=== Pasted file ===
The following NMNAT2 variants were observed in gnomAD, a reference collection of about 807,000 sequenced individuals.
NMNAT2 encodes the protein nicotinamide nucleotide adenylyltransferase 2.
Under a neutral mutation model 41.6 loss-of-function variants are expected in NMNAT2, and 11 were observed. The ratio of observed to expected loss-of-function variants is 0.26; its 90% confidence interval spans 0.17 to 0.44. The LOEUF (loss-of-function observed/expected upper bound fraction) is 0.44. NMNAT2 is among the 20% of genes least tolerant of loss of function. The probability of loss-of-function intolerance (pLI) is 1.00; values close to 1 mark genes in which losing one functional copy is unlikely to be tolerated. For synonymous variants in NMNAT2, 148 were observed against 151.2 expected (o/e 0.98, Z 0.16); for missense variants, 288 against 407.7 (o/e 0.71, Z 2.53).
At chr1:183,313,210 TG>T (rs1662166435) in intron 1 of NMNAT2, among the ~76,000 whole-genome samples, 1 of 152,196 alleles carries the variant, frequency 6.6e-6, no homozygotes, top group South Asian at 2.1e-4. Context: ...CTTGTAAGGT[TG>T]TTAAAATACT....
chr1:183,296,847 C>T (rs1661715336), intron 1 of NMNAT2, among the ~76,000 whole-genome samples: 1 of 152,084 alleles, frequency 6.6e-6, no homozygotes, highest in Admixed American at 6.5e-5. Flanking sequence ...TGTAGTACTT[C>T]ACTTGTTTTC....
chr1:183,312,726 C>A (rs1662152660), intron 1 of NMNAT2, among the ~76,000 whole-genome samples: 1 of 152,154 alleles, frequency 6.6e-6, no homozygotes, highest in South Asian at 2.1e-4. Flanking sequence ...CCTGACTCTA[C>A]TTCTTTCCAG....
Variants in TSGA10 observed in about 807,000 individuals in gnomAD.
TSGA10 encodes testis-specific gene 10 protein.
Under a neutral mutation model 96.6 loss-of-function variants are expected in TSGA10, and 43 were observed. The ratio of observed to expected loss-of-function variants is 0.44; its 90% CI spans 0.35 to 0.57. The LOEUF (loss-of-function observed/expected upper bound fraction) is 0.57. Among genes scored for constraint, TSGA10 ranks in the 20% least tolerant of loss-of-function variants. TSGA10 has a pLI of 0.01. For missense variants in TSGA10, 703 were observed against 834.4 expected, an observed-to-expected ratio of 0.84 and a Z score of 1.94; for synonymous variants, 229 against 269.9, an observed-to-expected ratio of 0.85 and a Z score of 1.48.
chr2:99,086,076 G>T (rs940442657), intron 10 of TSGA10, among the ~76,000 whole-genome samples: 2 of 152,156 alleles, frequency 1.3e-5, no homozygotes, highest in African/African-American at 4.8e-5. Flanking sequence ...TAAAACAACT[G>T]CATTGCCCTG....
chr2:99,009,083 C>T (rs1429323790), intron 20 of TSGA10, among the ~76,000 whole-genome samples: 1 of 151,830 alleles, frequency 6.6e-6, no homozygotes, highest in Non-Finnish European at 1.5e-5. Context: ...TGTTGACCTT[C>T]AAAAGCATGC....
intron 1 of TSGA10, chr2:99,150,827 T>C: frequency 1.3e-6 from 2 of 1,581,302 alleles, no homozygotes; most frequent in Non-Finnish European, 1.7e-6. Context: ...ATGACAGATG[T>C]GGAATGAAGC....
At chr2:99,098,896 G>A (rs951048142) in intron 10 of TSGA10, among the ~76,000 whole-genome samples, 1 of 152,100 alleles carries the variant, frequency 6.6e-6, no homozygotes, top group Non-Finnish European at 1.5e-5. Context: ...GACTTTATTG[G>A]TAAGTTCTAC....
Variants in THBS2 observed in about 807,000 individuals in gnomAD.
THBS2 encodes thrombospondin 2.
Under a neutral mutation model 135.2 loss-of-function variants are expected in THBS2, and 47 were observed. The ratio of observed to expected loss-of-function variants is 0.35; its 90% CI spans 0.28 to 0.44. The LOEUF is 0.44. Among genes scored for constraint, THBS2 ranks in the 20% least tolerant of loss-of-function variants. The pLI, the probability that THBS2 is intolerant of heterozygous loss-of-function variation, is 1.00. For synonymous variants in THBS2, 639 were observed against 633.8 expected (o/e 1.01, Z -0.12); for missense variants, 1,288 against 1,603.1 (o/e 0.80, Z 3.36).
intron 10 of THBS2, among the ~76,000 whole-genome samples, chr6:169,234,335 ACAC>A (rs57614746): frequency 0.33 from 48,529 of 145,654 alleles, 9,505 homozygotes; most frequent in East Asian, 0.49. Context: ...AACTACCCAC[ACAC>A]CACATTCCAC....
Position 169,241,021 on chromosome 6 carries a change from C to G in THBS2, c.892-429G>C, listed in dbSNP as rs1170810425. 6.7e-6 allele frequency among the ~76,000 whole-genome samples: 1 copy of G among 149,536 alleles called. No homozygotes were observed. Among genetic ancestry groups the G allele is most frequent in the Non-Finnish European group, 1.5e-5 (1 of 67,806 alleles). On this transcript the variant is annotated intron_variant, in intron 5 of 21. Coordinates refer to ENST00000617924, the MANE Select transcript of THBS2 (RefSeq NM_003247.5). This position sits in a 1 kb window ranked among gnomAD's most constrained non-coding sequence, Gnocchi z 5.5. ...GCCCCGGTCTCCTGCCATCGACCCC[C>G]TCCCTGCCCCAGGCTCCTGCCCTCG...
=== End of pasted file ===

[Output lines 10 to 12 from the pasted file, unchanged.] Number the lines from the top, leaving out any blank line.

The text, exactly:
chr2:99,086,076 G>T (rs940442657), intron 10 of TSGA10, among the ~76,000 whole-genome samples: 2 of 152,156 alleles, frequency 1.3e-5, no homozygotes, highest in African/African-American at 4.8e-5. Flanking sequence ...TAAAACAACT[G>T]CATTGCCCTG....
chr2:99,009,083 C>T (rs1429323790), intron 20 of TSGA10, among the ~76,000 whole-genome samples: 1 of 151,830 alleles, frequency 6.6e-6, no homozygotes, highest in Non-Finnish European at 1.5e-5. Context: ...TGTTGACCTT[C>T]AAAAGCATGC....
intron 1 of TSGA10, chr2:99,150,827 T>C: frequency 1.3e-6 from 2 of 1,581,302 alleles, no homozygotes; most frequent in Non-Finnish European, 1.7e-6. Context: ...ATGACAGATG[T>C]GGAATGAAGC....